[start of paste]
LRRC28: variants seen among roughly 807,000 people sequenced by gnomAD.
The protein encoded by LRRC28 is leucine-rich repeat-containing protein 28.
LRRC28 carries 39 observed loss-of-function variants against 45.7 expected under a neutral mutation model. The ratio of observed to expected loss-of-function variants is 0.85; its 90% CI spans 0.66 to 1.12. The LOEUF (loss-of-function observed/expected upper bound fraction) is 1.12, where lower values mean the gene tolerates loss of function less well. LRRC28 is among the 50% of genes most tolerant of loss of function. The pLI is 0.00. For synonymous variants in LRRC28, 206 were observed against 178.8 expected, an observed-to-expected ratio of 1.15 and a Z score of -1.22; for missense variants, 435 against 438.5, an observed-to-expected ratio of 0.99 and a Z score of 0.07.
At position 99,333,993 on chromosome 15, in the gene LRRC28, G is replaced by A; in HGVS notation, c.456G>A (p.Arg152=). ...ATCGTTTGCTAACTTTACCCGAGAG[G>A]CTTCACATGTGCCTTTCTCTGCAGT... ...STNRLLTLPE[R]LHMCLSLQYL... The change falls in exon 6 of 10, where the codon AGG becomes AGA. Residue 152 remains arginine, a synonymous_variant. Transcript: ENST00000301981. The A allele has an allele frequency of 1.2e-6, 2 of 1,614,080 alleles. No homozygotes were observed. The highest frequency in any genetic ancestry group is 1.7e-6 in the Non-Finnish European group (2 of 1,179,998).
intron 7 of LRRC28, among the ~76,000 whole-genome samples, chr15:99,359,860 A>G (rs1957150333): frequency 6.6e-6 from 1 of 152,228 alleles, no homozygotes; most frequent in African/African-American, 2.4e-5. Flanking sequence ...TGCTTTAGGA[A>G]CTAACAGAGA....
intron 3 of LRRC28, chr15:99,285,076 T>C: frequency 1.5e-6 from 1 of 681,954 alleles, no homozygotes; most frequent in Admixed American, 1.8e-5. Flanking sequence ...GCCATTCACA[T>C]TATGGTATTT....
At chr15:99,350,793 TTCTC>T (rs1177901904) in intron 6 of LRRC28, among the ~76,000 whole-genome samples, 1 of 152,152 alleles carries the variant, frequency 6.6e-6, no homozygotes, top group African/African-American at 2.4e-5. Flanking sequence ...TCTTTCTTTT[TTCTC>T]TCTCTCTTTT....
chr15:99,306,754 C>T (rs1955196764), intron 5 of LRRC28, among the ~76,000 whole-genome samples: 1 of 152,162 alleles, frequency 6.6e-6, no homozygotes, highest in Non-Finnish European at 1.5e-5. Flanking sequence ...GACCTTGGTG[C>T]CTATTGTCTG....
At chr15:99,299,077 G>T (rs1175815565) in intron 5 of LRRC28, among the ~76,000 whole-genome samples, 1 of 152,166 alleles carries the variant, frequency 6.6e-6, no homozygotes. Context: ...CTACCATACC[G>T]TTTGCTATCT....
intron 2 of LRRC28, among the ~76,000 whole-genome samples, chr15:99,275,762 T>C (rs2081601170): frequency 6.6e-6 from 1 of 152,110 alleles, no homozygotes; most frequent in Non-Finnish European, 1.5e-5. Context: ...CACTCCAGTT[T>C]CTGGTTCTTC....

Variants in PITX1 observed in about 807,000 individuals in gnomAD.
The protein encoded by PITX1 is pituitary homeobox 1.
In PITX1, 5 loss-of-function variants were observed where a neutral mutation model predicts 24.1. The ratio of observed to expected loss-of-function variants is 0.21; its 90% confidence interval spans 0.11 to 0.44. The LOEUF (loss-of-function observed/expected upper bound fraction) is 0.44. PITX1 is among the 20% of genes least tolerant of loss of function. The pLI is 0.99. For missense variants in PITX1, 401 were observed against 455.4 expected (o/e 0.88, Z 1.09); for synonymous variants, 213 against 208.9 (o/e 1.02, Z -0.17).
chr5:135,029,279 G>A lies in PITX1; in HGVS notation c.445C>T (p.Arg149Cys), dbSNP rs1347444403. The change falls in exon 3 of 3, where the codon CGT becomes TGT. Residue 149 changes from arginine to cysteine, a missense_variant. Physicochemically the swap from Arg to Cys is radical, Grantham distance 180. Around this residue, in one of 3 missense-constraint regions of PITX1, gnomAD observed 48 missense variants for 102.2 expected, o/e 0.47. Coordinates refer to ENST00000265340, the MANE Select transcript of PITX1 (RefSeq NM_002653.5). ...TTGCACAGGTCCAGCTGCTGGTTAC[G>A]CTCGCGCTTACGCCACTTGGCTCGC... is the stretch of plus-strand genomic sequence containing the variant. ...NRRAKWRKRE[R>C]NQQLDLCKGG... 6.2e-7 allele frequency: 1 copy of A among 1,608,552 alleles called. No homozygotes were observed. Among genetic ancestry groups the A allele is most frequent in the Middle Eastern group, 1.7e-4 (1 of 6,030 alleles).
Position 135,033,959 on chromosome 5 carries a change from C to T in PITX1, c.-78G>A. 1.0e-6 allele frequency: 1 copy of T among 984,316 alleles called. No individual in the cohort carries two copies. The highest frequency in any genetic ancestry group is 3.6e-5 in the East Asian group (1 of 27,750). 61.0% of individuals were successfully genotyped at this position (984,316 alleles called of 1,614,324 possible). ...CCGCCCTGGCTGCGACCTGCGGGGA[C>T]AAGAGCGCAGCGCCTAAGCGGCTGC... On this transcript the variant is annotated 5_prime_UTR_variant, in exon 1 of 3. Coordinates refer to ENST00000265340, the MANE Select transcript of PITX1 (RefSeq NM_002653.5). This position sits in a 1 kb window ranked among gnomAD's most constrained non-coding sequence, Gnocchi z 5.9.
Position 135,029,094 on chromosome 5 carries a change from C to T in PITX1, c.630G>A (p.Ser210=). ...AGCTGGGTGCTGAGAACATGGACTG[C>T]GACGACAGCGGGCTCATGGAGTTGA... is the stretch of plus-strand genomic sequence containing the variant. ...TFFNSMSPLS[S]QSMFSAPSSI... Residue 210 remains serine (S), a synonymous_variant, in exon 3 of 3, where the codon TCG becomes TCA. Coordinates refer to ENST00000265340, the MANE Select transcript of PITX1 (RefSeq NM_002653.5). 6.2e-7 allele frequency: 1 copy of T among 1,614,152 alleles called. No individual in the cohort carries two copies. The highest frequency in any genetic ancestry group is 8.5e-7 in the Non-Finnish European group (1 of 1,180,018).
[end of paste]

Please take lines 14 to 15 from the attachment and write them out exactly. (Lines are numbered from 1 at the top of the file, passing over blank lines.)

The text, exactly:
chr5:135,029,279 G>A lies in PITX1; in HGVS notation c.445C>T (p.Arg149Cys), dbSNP rs1347444403. The change falls in exon 3 of 3, where the codon CGT becomes TGT. Residue 149 changes from arginine to cysteine, a missense_variant. Physicochemically the swap from Arg to Cys is radical, Grantham distance 180. Around this residue, in one of 3 missense-constraint regions of PITX1, gnomAD observed 48 missense variants for 102.2 expected, o/e 0.47. Coordinates refer to ENST00000265340, the MANE Select transcript of PITX1 (RefSeq NM_002653.5). ...TTGCACAGGTCCAGCTGCTGGTTAC[G>A]CTCGCGCTTACGCCACTTGGCTCGC... is the stretch of plus-strand genomic sequence containing the variant. ...NRRAKWRKRE[R>C]NQQLDLCKGG... 6.2e-7 allele frequency: 1 copy of A among 1,608,552 alleles called. No homozygotes were observed. Among genetic ancestry groups the A allele is most frequent in the Middle Eastern group, 1.7e-4 (1 of 6,030 alleles).
Position 135,033,959 on chromosome 5 carries a change from C to T in PITX1, c.-78G>A. 1.0e-6 allele frequency: 1 copy of T among 984,316 alleles called. No individual in the cohort carries two copies. The highest frequency in any genetic ancestry group is 3.6e-5 in the East Asian group (1 of 27,750). 61.0% of individuals were successfully genotyped at this position (984,316 alleles called of 1,614,324 possible). ...CCGCCCTGGCTGCGACCTGCGGGGA[C>T]AAGAGCGCAGCGCCTAAGCGGCTGC... On this transcript the variant is annotated 5_prime_UTR_variant, in exon 1 of 3. Coordinates refer to ENST00000265340, the MANE Select transcript of PITX1 (RefSeq NM_002653.5). This position sits in a 1 kb window ranked among gnomAD's most constrained non-coding sequence, Gnocchi z 5.9.